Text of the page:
A Game of Stones: Keeping Your Balance in a Topsy Turvy World

Reader Contribution by George Locke
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Perhaps you have never noticed them. I didn’t for a long time, until last fall as we were traveling somewhere, my wife pointed them out. Of course, she was in the passenger seat and I was keeping my eyes focused on the highway, most of the time.

What we saw very few miles or so down NH Rte 104 several odd, neatly arranged piles of rock. Stones atop one another, some precariously balanced and in random order. Occasionally there were big ones placed on small or ones teeny ones atop monster rocks followed with an impossible large chunk, turned on edge and standing unsupported.

These stacks of stones you occasionally see alongside the road are not a haphazard act of nature. They were placed there for a reason.

 I wanted to get to the bottom of this pile, so to speak, and I started as many of us do by checking the internet.

According to Wikipedia……”Rock balancing is an art, discipline, or hobby (depending upon the intent of the practitioner) in which rocks are balanced on top of one another in various positions. There are no tricks involved to aid in the balancing, such as adhesives, wires, supports, or rings.”

 Well, that pretty much covers the definition of said ersatz cairns. But the question of “why” nagged me.

 History is full of examples of stacked rocks. Stonehenge on a plain in Wiltshire UK is an example of carefully stacked rocks heaved into place about five thousand years ago by humans and, according to some estimates, took some thirty million hours of labor.

 The reason for their construction is a bit murky. We think it was a spiritual aid perhaps to a Druidic cult for either human sacrifice, or astronomy. Or both.

 In Adam Roubo’s case building free standing rock piles had nothing to do with mummies, Druids, Mayan kings or astronomy. He builds them, in his words, “Just for fun and because they’re a challenge.”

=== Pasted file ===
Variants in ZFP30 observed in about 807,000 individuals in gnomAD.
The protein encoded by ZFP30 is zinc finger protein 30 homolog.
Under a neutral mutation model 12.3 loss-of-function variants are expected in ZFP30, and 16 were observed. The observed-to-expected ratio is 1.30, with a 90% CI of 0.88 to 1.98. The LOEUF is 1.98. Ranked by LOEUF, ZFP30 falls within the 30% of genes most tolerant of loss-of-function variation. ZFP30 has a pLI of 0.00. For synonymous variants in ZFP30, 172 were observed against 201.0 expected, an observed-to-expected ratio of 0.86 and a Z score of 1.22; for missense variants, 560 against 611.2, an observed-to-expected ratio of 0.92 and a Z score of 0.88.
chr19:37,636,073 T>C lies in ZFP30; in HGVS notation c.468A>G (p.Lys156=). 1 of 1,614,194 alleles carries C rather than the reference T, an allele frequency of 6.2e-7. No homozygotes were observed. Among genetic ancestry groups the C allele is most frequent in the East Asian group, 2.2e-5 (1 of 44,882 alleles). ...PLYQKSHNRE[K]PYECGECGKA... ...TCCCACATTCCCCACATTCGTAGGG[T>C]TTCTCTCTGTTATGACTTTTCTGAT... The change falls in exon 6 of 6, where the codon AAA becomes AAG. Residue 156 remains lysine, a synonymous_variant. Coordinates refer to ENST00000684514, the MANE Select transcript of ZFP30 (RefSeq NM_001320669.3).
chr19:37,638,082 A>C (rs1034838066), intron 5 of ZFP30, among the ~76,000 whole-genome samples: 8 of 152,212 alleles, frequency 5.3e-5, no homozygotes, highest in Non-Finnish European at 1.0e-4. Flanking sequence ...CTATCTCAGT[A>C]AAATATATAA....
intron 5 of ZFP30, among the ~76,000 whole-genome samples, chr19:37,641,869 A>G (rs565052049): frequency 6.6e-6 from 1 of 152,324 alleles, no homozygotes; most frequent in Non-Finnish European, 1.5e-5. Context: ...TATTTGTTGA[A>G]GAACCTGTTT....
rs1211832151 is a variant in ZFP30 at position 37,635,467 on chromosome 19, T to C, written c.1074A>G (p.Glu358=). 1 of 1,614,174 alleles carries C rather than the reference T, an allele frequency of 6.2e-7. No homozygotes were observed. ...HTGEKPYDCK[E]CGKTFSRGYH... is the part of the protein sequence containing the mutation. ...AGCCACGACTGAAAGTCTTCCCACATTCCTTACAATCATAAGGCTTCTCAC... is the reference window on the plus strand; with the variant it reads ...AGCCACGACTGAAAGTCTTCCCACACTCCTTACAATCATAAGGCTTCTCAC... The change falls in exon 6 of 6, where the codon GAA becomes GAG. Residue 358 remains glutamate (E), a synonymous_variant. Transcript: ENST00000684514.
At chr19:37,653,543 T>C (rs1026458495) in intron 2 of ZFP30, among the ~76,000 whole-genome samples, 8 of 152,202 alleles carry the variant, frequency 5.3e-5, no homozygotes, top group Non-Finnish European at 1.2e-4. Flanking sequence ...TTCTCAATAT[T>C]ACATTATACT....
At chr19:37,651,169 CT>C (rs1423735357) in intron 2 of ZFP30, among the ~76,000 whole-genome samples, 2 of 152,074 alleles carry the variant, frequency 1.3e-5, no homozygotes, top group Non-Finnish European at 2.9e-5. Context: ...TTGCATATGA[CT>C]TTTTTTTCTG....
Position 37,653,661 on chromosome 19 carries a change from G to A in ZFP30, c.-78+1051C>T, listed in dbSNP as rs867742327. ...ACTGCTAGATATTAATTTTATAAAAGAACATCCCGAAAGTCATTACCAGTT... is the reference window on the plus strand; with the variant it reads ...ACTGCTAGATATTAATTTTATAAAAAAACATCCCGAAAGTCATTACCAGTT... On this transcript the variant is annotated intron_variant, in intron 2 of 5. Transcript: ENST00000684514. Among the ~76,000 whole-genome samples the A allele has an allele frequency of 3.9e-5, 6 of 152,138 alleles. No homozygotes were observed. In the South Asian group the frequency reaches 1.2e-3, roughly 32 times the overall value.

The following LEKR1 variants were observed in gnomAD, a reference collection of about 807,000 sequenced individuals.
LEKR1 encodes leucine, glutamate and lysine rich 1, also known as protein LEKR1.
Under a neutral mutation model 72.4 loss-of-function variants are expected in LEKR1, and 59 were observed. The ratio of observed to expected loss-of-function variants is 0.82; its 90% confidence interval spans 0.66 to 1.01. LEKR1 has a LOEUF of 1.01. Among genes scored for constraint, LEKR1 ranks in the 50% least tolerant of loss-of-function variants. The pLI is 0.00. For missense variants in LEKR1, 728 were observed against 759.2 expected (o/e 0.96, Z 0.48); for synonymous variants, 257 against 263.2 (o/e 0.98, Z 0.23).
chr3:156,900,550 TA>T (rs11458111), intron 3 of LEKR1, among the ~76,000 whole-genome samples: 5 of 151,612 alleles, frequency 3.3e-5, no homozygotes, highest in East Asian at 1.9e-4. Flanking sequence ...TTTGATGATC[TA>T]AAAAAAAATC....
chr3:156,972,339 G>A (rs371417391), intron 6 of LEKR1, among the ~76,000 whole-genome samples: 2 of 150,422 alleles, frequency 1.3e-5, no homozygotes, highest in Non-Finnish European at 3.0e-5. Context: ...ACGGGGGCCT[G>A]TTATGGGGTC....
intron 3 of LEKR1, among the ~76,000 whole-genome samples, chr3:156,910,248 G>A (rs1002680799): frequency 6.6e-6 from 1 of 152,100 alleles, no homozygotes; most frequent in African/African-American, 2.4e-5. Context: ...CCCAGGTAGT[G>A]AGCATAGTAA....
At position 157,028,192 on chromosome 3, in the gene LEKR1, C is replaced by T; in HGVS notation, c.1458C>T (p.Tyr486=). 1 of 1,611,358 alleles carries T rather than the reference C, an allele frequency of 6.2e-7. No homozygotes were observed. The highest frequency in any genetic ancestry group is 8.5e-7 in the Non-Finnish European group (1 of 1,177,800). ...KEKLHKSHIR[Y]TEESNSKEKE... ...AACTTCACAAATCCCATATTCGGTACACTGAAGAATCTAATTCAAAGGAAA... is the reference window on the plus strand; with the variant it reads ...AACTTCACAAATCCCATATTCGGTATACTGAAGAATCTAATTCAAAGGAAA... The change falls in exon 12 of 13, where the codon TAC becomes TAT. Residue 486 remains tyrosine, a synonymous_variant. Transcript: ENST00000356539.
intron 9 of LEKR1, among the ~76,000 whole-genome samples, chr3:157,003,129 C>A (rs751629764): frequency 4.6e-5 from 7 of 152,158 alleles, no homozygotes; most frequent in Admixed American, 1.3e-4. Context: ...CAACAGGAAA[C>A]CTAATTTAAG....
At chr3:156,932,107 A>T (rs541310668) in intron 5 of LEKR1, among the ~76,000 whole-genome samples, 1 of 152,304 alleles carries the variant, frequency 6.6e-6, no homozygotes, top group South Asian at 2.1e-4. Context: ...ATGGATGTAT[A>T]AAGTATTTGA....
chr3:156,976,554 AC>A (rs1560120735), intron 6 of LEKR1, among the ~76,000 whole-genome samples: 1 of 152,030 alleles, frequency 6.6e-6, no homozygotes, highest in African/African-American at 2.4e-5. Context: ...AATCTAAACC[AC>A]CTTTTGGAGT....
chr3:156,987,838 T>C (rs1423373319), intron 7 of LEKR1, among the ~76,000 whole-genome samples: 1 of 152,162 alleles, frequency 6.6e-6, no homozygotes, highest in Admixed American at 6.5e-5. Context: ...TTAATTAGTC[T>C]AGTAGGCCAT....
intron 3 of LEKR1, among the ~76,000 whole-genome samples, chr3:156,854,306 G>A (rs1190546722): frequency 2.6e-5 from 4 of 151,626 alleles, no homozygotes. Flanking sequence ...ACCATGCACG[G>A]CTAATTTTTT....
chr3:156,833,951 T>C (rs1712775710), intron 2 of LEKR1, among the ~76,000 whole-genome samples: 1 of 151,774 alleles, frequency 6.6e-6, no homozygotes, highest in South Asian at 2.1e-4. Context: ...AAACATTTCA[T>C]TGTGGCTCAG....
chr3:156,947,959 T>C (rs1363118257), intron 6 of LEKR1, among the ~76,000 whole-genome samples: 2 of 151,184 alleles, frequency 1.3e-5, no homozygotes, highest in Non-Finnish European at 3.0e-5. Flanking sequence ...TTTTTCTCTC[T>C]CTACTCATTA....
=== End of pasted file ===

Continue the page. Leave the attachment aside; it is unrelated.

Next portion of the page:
He has an engaging smile and boundless energy and has constructed several free stone structures around his families’ home in Meredith. And he has not finished. “I’m probably going to build some more.” he said with a mischievous grin. I paid him and his mom Lynn a visit recently at his home and we were joined by the family dog Simba to look over Adams stone piles.

 Adam is a normal ten year old who was first drawn to artful rock piling last year the same way I was. He saw a series of them alongside NH Route 104 while heading to New Hampton. “I thought they looked cool and so I tried to make one.” He smiled and said “They didn’t fall over right away, and I was hooked.”

 The fourth grader at Interlakes Elementary school likes the outdoors and so he decided to combine his love for nature with a hobby that is much like a large, heavy version of the popular stacking game Jenga. However, in Jenga, the purpose of the game is to remove as many of the wooden blocks as you can before it topples over.

Stonehenge, by the way, is only one of many places in the UK where massive stone stacks abide. Avebury, about 25 miles north of Stonehenge also boasts some magnificent cairns. The types of mineral used in building these structures are Welsh sandstone and bluestone.

 The Great Pyramids of Giza built by the Egyptians to house the body of a pharaoh were built around the same time as Giza, but are not technically free- stacked stones because some mortar was used in securing an estimated 3.1 million limestone blocks into place. But Mayan temples were free stacked using only a little loose gravel to hold everything in place.

 Adams material was NH granite, sandstone and any type of rock he saw laying around that might fit his vision of what he was trying to make.

Rock stacking is many things to many people. It can be a challenging game, as in Adams case. Or it can take a metaphysical left turn and be a tool for meditation as in Zen or an art expression. Some rocks have been stacked on or actually in rivers or brooks; producing a perfect melding of mans vision enhancing nature’s image.

There are several sites on line which display, at times, this seemingly impossible art form. There are even professional rock stackers who haul rocks from place to place and involve the audience in this rock solid game of stones.

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